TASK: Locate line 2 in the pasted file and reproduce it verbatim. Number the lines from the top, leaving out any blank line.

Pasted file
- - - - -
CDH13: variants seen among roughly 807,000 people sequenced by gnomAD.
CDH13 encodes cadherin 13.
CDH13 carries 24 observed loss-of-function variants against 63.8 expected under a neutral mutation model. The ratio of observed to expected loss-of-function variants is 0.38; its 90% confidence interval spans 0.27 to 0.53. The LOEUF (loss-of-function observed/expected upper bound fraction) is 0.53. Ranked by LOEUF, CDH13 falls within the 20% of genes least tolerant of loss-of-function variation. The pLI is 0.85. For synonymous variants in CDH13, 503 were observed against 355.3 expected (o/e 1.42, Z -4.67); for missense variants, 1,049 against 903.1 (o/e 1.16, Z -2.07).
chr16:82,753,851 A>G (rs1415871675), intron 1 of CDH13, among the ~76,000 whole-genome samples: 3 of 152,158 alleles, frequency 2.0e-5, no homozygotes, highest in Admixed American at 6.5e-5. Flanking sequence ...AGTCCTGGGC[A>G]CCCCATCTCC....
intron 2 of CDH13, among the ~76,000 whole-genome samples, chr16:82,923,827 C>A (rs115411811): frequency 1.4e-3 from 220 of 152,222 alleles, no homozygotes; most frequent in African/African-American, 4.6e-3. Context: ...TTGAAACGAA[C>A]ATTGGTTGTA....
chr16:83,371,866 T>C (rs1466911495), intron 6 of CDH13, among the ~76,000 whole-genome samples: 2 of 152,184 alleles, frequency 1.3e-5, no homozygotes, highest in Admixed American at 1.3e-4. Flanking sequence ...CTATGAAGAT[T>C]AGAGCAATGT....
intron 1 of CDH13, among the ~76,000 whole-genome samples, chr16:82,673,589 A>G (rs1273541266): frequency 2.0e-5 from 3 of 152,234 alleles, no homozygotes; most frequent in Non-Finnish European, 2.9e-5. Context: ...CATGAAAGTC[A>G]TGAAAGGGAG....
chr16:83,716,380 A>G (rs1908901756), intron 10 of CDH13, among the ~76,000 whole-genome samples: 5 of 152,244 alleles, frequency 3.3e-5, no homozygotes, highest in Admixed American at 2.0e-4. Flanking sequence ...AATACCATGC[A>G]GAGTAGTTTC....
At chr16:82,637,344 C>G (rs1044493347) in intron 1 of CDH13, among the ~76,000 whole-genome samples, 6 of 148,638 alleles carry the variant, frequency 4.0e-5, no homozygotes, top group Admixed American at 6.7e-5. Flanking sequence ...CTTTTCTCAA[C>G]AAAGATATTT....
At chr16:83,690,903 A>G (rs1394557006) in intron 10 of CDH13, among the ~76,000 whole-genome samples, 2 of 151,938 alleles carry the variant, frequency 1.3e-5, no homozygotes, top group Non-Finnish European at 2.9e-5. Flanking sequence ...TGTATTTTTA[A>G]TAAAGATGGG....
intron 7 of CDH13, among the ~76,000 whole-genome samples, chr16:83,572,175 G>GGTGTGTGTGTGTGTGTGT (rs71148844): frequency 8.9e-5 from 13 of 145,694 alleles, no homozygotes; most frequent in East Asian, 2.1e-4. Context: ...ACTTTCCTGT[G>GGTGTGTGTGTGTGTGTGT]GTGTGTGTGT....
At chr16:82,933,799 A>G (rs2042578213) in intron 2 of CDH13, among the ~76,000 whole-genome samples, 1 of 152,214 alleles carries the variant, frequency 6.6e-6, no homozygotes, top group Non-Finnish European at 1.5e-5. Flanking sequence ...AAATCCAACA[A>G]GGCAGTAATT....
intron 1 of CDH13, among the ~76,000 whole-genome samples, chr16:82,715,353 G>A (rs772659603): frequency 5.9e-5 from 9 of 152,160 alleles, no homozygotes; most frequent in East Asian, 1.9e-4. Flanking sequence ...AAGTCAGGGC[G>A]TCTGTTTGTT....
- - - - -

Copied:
CDH13 encodes cadherin 13.